The world is full of hidden treasures all around us, and miracles and wonders from God. Just because we can’t see them, doesn’t mean they’re not there. Bill Maher, a comedian and avowed atheist doesn’t believe in either religion or God. He holds tightly to his beliefs. Perhaps he’s afraid that if he lets go of his skepticism, he might find out he’s wrong?

For believers, God is real. He has answered their prayers and spoken to their hearts. To deny this reality would be to disavow their personal and private experience. This personal witness becomes a sure foundation of knowledge that cannot be denied.

Maher is like a child who sits before a plate of Brussels sprouts and declares he doesn’t like them, even though he’s never tasted them. Then he hides the evidence of their existence under his plate or under a nearby lettuce leaf and tells his mother (and everyone else) that the Brussels sprouts don’t exist because he (and you) can’t see them.

To a Christian, Maher’s position is both immature and foolish; like my story of the raccoons: “Just because you can’t see them doesn’t mean they’re not up there.” This is where that invisible component called “faith” comes in. Why is it so hard to believe that God exists when evidence of his creations are all around us?  Is Evolution really a substantial explanation for our existence or is it still, after many decades, only a theory, an excuse, a crutch, for non-believers?

Technology has advanced in quantum leaps over the past 30 years. Today transmitters communicate around the globe and into outer space, yet they are so small you can hold them in the palm of your hand or on a fingertip; some are even microscopic. These electronic devices may look naive and primitive fifty years from now as newer, smaller, faster, and smarter gadgets replace them. It’s simply a matter of time, degree and intelligence.

During the day, you can’t see the stars, but that doesn’t mean they’re not there. Conversely, on a stormy day the sun’s light is blotted out, but its radiance still exists and glows continually in spite of the weather. God’s radiance and reality are constant and eternal, in spite of our darkened imperfect minds and man-made barriers.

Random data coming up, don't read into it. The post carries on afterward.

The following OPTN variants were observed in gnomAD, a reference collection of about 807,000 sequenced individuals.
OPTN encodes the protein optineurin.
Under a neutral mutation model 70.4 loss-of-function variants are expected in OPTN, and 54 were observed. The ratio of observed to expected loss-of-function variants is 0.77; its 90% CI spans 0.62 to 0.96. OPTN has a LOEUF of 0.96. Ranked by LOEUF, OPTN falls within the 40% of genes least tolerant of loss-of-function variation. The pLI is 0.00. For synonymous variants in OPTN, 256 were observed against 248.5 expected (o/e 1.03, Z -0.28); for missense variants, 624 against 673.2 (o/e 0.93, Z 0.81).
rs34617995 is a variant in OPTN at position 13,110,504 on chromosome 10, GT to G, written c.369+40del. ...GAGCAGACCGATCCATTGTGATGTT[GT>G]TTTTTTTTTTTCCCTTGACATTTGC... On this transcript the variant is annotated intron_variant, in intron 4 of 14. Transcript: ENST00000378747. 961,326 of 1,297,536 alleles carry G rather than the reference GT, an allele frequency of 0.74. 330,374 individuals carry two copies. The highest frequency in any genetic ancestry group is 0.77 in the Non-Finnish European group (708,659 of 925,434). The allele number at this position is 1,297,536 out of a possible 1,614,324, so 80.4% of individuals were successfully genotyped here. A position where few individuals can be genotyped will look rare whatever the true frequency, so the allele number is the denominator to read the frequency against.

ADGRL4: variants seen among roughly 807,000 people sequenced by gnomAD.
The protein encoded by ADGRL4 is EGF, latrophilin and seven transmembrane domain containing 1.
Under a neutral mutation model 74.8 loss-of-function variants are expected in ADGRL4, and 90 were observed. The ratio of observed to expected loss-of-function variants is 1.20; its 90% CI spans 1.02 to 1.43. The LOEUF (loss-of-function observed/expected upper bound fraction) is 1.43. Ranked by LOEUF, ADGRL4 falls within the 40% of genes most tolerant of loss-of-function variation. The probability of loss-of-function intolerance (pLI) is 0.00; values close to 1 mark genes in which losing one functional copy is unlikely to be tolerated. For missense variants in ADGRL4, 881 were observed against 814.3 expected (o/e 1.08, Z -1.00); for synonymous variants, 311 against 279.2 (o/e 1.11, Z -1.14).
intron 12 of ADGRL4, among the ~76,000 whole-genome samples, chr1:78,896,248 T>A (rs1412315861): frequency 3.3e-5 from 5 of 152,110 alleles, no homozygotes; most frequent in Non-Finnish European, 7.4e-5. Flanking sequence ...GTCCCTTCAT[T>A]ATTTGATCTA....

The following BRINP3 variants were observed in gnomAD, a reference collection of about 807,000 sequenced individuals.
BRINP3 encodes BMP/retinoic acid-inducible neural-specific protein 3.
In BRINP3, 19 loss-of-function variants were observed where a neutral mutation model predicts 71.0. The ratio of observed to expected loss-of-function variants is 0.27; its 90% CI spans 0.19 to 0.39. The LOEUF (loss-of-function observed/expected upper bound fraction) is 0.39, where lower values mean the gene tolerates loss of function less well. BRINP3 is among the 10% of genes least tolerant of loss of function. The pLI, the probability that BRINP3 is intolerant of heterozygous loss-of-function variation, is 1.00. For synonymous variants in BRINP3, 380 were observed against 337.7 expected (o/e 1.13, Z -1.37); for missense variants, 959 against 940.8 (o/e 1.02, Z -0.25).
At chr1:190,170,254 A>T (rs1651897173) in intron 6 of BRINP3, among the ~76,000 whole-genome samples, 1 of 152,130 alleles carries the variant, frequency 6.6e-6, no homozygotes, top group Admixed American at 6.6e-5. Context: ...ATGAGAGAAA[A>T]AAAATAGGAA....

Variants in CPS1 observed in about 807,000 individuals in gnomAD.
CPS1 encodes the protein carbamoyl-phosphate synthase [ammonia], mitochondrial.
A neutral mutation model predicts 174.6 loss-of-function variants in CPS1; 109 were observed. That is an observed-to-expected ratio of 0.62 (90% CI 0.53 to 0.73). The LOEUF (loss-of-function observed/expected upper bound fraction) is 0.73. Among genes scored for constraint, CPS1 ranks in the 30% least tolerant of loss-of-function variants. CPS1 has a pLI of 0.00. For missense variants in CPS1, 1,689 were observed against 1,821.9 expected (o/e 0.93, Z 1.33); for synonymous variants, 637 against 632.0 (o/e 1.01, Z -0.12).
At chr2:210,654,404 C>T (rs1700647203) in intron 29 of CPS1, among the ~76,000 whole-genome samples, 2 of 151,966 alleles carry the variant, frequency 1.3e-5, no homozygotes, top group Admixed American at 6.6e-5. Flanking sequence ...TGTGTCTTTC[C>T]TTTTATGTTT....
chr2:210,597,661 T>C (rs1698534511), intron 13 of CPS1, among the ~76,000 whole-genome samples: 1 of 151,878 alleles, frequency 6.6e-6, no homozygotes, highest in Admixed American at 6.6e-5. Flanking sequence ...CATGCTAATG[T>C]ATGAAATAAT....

How foolish we are as humans to deny the existence of God because we cannot see him, because we don’t understand his ways, or because we can’t find physical evidence or proof that he is real; even though countless miracles happen every day in the realms of nature, science, medicine and personal encounter.

“But there’s a logical, scientific explanation for everything,” some may counter. And when there isn’t, science is all too eager to supply one, or at least a theory of rhetorical possibilities. We’ve lost that childlike quality of trusting divine truth and promise. The young child who leaps off a ledge into the waiting arms of its father exercises this trust through love, knowledge, and personal experience. He has learned that his earthly father can be trusted.

We need this kind of faith again in our world to bring back God into our hearts. It’s a “letting go” of pride, bitterness, and stubbornness; character attributes that harden our hearts and close our minds to truth.

In “Our Daily Bread,” a Christian pamphlet produced monthly by RBC Ministries, the following story was included in the October 9 reading:

“If we’re not careful, we may become like the man who prided himself on being an expert archer. The secret to his success was that after he shot his arrow at the side of a barn, he painted a bull’s-eye around the arrow.”

Many people are so eager to be right, or so hungry for success and notoriety that they paint a ring around their own favorite causes, special interests or personal agendas and then proclaim that they’ve hit the bull’s-eye of truth.

Proverbs 14:12 tells us: “There is a way that seems right to a man, but its end is the way of death.”

God doesn’t need to prove his existence to us; it is we who need to conform to his will. He is the bull’s-eye we should aim for, not some delusional man-made target created by people who think they are smarter than God.